Cy Twombly - The Last Paintings

01 Nov - 22 Dec 2012

Cy Twombly
Untitled (Camino Real) (detail), 2011
Acrylic on wood panel
99 1/2 x 73 3/4 inches unframed (252.7 x 187.3 cm)
1 November - 22 December 2012

In tribute to the late Cy Twombly, Gagosian Gallery will present his last paintings, together with about 100 of his photographs.

The eight untitled paintings are closely related to the Camino Real group that inaugurated Gagosian Paris in 2010. The inimitable, exuberant paintwork and bold, intense colors typify the freedom with which Twombly worked, never restricted to a single reference. Even in the face of his impending death, their elegiac power, vivid palette, and ardent gestures pulse with the energies of the new.

The intimate photographs range from early studio images taken in the 1950s to a group of landscapes taken in St Barths in 2011. Since 2008, major exhibitions of the artist’s photographs have been held at FOAM Amsterdam; Museum Brandhorst, Munich; and the Palais des Beaux Arts, Brussels; however this is the first time that this lesser known aspect of Twombly’s oeuvre has been presented in such depth in the United States.

Twombly remains one of the world's most revered contemporary artists, whose central and ongoing relevance to the art of the present is attested to by a stream of recent survey exhibitions in leading international institutions. Since the opening of Larry Gagosian’s first gallery in New York in the mid-1980s, Twombly has been a cornerstone of Gagosian Gallery, where he made many exhibitions over the last 25 years. Each one was as surprising and memorable as the next, from “The Bolsena Paintings” (1990) to “The Coronation of Sesostris” (2001), “Lepanto” (2002), “Bacchus” (2006), “A Scattering of Blossoms” (2007), and “The Rose” (2009). “Ten Paintings and a Sculpture” (2004), “Three Notes for Salalah” (2008), “Leaving Paphos Ringed with Waves” (2009), and “Camino Real”(2010) inaugurated new galleries in London, Rome, Athens, and Paris respectively.

“The Last Paintings” opened in Los Angeles earlier this year and travelled to Hong Kong and London before coming to New York.

A fully illustrated catalogue accompanies the exhibition, with essays by Achim Hochdörfer, curator of “Cy Twombly: States of Mind” at Museum Moderner Kunst, Vienna (2009), curator Julie Sylvester, and a photo essay by Sally Mann. A fully illustrated catalogue of the photographs with an essay by Edmund de Waal, artist and author of The Hare with the Amber Eyes, is also available.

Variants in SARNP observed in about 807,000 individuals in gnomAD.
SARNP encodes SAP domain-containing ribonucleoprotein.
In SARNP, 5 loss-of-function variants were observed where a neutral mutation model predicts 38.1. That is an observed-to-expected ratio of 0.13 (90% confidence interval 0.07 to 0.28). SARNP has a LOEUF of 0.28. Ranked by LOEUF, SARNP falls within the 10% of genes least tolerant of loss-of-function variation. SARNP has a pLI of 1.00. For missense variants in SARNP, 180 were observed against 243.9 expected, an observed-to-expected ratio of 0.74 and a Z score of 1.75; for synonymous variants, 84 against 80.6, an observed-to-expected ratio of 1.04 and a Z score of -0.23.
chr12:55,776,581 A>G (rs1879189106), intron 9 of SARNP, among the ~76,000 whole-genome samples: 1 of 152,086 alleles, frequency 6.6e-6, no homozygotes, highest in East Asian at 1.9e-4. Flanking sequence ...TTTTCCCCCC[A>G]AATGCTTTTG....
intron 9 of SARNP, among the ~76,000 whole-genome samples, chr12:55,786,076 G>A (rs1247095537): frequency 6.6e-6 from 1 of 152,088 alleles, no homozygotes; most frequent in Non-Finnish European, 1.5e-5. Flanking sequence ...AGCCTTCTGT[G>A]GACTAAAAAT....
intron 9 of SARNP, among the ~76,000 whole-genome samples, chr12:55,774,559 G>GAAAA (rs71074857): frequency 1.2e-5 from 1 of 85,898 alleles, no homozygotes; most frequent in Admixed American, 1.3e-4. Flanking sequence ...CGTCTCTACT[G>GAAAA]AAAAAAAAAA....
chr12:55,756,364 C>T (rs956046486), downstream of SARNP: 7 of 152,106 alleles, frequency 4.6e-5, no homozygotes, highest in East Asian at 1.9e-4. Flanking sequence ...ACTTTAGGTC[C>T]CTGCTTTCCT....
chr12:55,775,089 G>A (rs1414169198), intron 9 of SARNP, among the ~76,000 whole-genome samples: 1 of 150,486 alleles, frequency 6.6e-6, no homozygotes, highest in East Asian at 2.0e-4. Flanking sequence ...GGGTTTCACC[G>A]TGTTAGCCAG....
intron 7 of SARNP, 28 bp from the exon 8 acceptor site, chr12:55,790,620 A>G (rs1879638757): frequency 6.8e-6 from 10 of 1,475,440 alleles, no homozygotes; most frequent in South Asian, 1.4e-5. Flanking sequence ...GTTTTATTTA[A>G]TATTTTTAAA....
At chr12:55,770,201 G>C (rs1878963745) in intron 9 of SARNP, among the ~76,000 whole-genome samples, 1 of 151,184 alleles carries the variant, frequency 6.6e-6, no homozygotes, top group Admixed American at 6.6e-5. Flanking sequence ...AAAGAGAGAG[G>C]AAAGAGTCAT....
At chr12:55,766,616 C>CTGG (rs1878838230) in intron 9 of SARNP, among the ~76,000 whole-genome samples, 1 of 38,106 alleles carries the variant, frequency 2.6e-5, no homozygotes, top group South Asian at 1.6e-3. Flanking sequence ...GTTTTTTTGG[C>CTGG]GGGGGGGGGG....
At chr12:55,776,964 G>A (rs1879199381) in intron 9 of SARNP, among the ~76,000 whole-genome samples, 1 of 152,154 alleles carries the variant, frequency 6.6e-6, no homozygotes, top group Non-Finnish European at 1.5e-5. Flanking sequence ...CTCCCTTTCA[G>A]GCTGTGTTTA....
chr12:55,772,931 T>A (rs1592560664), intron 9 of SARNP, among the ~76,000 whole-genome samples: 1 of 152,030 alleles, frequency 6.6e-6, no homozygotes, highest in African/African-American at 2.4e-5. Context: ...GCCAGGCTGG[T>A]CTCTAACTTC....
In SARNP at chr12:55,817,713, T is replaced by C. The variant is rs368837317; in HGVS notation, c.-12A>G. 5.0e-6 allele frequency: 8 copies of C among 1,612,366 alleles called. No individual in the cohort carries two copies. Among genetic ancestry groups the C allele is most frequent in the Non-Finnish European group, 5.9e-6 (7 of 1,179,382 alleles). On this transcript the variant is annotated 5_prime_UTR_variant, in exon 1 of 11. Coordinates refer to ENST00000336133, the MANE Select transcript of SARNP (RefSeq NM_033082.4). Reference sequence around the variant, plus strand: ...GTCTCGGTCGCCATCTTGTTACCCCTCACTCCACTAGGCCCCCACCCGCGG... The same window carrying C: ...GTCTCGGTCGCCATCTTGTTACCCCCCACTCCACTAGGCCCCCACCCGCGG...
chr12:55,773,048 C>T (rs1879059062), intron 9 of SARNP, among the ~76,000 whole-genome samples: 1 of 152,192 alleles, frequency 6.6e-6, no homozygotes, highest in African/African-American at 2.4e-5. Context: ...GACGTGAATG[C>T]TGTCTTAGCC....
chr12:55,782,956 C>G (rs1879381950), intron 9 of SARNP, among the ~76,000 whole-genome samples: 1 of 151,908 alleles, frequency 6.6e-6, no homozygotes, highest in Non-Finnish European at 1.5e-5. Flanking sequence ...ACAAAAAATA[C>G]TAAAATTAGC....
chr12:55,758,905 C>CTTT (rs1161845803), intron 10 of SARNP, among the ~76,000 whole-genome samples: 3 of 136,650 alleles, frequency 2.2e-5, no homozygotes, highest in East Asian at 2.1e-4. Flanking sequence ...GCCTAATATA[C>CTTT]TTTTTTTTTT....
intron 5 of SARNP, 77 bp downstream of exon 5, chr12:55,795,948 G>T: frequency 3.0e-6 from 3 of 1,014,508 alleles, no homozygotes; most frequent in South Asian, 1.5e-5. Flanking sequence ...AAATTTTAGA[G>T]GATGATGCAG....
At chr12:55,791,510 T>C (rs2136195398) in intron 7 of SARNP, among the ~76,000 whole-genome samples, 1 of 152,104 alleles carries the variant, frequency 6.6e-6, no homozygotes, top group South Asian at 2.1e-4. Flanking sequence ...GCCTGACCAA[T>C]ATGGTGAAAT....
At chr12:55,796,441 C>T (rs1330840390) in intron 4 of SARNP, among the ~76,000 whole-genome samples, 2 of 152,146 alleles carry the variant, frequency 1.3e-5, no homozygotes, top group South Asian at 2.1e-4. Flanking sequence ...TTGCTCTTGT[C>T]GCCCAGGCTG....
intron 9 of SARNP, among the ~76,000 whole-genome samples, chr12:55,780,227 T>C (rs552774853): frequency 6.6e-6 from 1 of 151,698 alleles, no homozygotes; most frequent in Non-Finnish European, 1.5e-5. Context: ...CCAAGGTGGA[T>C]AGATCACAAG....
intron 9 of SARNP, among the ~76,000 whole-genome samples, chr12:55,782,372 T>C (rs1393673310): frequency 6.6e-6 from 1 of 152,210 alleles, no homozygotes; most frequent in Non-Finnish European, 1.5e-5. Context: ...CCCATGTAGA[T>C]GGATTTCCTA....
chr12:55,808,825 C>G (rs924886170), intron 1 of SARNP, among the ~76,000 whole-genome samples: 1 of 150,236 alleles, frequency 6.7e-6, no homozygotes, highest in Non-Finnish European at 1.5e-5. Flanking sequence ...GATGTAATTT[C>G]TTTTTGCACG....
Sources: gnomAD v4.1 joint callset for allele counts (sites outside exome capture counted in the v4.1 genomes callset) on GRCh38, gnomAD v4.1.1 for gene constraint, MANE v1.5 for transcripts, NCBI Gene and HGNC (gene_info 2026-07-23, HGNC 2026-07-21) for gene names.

Cy Twombly (1928–2011) was born in 1928 in Lexington, Virginia. He studied at the School of the Museum of Fine Arts, Boston (1947–49); the Art Students League, New York (1950–51); and Black Mountain College, North Carolina (1951–52). In the mid-1950s, following travels in Europe and Africa, he emerged as a prominent figure among a group of artists working in New York that included Robert Rauschenberg and Jasper Johns. In 1968, the Milwaukee Art Center mounted his first retrospective. This was followed by major retrospectives at the Kunsthaus Zürich (1987, traveled to Madrid, London, and Paris); the Museum of Modern Art, New York (1994, traveled to Houston, Los Angeles, and Berlin); and the Pinakothek der Moderne in Munich (2006). In 1995, the Cy Twombly Gallery opened at The Menil Collection, Houston, exhibiting works made by the artist since 1954. The European retrospective “Cy Twombly: Cycles and Seasons” opened at the Tate Modern, London in June 2008, with subsequent versions at the Guggenheim Bilbao and the Museum of Modern Art in Rome in 2009. Recent exhibitions include “Cy Twombly: The Natural World, Selected Works 2000–2007,” The Art Institute of Chicago (2009) and “Sensations of the Moment,” the Museum Moderner Kunst Stiftung Ludwig, Vienna (2009). In 2010, his permanent site-specific painting, Ceiling was unveiled in the Salle des Bronzes at the Musée du Louvre. At the same time he was made a Chevalier of the Légion d’Honneur by the French government. Twombly died in Italy in 2011.

Tags: C.T. Jasper, Jasper Johns, Sally Mann, Robert Rauschenberg, Cy Twombly, Edmund de Waal